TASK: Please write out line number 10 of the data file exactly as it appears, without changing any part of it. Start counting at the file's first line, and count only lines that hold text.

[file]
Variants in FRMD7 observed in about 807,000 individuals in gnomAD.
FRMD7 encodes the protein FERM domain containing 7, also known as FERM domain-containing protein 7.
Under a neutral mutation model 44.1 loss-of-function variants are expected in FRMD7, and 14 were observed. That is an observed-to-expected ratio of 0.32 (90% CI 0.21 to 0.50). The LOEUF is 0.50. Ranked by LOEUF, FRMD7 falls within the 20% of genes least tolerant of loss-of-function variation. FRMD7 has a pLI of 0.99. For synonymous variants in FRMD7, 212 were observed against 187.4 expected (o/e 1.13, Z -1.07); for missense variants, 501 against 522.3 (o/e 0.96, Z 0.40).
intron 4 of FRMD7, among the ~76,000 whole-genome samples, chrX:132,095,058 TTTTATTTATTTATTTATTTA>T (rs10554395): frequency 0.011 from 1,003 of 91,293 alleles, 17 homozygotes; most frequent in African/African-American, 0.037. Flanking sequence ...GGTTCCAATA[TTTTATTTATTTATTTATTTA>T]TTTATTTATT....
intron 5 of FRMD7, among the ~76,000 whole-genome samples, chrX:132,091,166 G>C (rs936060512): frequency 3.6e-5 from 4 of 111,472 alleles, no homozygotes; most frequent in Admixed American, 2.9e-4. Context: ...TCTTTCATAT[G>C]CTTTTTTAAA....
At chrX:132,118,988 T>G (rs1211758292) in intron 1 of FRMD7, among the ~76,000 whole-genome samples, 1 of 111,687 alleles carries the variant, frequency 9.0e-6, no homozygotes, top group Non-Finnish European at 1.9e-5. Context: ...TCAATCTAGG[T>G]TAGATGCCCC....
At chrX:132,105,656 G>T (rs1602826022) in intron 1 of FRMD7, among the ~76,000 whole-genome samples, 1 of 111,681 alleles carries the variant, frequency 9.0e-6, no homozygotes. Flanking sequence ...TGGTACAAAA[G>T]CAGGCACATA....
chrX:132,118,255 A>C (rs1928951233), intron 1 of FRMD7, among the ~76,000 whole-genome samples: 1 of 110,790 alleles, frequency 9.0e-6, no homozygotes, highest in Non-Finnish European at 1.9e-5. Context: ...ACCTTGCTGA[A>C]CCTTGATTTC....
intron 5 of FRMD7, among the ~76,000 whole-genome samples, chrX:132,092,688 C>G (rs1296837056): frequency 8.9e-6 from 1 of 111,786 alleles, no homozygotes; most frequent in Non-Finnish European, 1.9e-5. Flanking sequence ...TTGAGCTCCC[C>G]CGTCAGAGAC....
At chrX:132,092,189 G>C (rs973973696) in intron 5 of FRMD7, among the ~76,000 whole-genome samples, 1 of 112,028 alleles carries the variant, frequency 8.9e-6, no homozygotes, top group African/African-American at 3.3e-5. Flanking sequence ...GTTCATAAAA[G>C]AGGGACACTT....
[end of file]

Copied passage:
At chrX:132,092,189 G>C (rs973973696) in intron 5 of FRMD7, among the ~76,000 whole-genome samples, 1 of 112,028 alleles carries the variant, frequency 8.9e-6, no homozygotes, top group African/African-American at 3.3e-5. Flanking sequence ...GTTCATAAAA[G>C]AGGGACACTT....